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Few places have seen more growth in the airline industry than the Middle East. Carriers that barely registered on the radar three decades ago have grown into powerful global players.
That picture won’t change much in the near future. A new 20-year sales forecast for the Middle East from Boeing estimates that local carriers will need 3,180 new planes valued at $730 billion during the period. Boeing says that fleet expansion will fuel some 70 percent of the growth.
Etihad Airways brought to Dubai's its flagship A380 jet with engines from Engine Alliance (EA). The engines include core technology from the GE90, the world's largest and most powerful jet engine. EA calls the engines, called GP7200, the "talking engines" since they can be connected to the Industrial Internet. Image credits: Adam Senatori
Airports like those in Dubai and Abu Dhabi have blossomed into large global hubs connecting the East and the West, and the future order book will reflect this fact. Boeing estimates growth here will be driven equally by long-haul and short-haul planes. That’s a big difference for the rest of the world, where long-haul planes will account for less than a quarter of total future orders.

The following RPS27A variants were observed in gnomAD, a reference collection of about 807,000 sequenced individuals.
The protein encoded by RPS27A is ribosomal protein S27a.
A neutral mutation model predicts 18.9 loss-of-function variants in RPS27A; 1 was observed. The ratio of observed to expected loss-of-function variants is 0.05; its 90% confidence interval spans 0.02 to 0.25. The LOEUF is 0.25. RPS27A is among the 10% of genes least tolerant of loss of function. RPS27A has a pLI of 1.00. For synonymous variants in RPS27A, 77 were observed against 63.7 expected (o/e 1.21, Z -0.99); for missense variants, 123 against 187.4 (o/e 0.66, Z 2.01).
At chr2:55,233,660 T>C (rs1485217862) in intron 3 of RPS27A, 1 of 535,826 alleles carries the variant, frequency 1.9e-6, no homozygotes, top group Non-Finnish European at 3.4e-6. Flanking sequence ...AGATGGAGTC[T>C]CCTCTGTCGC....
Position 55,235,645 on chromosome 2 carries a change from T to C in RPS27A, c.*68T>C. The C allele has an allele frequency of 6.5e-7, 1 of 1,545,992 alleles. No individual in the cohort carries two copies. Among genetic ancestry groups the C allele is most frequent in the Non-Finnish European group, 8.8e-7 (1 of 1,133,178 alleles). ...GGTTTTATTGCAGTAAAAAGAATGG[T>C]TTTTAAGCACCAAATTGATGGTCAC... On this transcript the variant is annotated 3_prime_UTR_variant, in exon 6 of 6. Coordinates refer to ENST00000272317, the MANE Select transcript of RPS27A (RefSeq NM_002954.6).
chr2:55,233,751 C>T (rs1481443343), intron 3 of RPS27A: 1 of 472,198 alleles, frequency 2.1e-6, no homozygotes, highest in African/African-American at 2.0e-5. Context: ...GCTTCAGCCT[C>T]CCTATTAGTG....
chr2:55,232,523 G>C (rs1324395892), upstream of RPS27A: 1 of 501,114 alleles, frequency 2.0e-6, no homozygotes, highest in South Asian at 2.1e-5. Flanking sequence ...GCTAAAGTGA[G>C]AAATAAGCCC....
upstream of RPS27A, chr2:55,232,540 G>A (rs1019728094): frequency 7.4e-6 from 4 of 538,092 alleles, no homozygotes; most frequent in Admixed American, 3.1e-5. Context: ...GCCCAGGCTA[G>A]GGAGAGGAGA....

This is good news for engine makers like GE Aviation. GE is now developing the world’s largest and most efficient jet engine, the GE9X, for Boeing’s next-generation 777X planes. The company also makes the GEnx engine for Boeing 787, the Dreamliner.
Three of the region’s major carriers – Emirates, Etihad Airways and Qatar Airway brought their newest long-haul planes to the Dubai Airshow. Take a look.
The new Etihad A380 includes a single "residence" in the front section of the upper deck. It's step higher than even the airline's sumptuous first class apartments. Image credits: Adam Senatori
Emirates flew to Dubai its first A380 in two-class configuration - coach and business - that can hold 615 travelers. That makes it the world's largest passenger jet. Image credit: Adam Senatori
Qatar Airways brought to Dubai its 25th Dreamliner power by the 49th and 50th GEnx engine GE Aviation delivered to the carrier. The GEnx has been in production just five years but GE already shipped the 1,000th engine to Boeing last month. Image credit: GE Reports